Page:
Cha-cha-cha Drum Lesson

The Cha-cha-cha developed in Cuba during the early 1950s and became popular in New York during the 1950s and 60s. It was developed from danzon music and played by charangas, small Cuban orchestras that played to the upper class.

The creator of cha-cha music, Enrique Jorrín noticed that syncopated mambo rhythms confused dancers. He deliberately designed the cha-cha with minimal syncopation emphasizing beat one to make it easier to dance to. Cha-cha-cha takes its name from the sound of dancers feet. Unlike other Cuban music, cha-cha music does not use the clave since it does not have a strong son influence.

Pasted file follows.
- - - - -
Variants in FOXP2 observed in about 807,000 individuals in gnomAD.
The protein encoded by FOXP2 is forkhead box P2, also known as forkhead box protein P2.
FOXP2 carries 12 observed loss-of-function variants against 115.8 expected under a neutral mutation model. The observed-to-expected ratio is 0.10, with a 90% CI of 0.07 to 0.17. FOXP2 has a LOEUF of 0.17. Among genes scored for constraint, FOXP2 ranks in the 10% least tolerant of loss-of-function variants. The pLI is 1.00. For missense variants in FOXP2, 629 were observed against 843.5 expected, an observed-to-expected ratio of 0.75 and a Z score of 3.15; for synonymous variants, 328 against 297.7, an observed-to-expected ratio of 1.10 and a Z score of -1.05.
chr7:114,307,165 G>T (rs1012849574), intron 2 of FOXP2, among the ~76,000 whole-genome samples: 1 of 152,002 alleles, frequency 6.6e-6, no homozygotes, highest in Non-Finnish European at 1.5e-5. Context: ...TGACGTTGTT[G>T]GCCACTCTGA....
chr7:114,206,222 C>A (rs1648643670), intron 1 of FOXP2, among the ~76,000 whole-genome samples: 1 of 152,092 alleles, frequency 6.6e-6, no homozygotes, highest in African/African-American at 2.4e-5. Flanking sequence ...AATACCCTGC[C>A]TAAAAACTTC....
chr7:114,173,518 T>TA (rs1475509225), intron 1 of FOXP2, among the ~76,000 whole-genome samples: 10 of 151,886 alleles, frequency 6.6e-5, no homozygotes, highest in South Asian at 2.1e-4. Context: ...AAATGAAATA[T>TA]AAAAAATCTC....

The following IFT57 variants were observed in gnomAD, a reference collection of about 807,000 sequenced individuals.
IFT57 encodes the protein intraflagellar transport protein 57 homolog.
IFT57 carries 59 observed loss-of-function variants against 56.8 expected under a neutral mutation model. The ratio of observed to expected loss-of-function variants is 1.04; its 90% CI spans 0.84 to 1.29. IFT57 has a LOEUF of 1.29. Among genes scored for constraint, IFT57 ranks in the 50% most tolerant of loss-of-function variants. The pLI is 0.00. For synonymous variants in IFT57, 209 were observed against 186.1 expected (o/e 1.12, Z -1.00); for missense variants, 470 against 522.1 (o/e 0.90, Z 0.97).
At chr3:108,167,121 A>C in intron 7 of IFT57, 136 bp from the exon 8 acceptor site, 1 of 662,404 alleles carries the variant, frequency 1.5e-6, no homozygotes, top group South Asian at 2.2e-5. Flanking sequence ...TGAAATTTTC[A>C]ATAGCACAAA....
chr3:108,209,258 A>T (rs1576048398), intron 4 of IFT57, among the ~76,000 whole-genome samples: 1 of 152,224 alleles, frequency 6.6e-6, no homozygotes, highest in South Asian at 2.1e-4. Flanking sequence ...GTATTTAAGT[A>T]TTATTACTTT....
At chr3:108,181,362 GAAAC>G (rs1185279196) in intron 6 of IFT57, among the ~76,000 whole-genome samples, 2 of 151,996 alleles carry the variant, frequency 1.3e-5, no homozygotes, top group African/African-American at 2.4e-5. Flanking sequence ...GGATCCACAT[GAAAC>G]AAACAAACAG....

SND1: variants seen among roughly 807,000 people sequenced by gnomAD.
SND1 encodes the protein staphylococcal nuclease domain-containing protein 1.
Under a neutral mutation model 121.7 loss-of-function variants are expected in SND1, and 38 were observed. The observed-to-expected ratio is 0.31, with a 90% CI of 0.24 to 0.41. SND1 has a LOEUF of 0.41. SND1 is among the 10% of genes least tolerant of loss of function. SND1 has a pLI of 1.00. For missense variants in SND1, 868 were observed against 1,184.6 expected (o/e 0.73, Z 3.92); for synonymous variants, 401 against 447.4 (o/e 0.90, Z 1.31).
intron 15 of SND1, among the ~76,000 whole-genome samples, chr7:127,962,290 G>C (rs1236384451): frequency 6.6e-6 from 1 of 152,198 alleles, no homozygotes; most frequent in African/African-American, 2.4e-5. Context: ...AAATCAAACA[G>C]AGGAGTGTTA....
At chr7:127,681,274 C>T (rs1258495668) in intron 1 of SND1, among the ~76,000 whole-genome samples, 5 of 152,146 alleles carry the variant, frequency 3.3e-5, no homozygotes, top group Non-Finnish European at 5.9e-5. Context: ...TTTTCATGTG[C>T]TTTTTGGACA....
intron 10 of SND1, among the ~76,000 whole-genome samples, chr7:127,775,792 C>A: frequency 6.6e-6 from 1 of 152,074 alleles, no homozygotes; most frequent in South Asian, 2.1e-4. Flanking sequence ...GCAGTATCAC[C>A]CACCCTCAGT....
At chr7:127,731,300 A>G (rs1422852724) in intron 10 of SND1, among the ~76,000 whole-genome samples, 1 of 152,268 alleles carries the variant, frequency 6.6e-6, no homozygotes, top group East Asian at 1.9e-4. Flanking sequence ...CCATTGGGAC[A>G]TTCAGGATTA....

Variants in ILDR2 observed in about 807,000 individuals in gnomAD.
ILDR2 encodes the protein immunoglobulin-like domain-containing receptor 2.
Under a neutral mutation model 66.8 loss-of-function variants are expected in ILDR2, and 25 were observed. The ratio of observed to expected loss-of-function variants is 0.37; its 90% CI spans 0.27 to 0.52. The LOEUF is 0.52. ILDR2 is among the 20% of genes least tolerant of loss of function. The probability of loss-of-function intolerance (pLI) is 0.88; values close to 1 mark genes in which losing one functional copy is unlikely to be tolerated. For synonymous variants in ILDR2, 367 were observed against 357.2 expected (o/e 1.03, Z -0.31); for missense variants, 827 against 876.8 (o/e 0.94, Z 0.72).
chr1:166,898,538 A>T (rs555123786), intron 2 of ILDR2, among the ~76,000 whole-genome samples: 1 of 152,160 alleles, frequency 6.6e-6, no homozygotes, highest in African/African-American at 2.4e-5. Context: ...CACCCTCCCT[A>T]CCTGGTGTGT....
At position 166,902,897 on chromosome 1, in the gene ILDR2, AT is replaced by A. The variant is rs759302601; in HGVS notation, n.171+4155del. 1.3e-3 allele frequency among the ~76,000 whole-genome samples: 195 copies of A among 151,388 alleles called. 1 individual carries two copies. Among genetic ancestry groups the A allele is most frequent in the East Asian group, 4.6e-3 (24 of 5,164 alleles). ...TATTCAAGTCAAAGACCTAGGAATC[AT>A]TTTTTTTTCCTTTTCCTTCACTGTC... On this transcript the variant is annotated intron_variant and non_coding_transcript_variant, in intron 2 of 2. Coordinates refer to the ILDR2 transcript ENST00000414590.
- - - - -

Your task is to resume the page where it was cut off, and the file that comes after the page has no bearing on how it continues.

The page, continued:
Like the mambo, the cha-cha drum beat adapts the timbale and conga rhythms to the drums. The quarter note bell pattern is taken from the rythm the timbale player plays on the cha-cha bell. The bass drum pattern comes from the conga part and the snare drum and Tom Tom parts mimic he congas and timbales. The basic cha-cha beat is shown below.

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  1. Lesson Cha-cha-cha Drum Lesson Exercise 1
  2. Lesson Cha-cha-cha Drum Lesson Exercise 2
  3. Lesson Cha-cha-cha Drum Lesson Exercise 3
  4. Lesson Cha-cha-cha Drum Lesson Exercise 4
  5. Lesson Cha-cha-cha Drum Lesson Exercise 5
  6. Lesson Cha-cha-cha Drum Lesson Exercise 6
  7. Lesson Cha-cha-cha Drum Lesson Exercise 7
  8. Lesson Cha-cha-cha Drum Lesson Exercise 8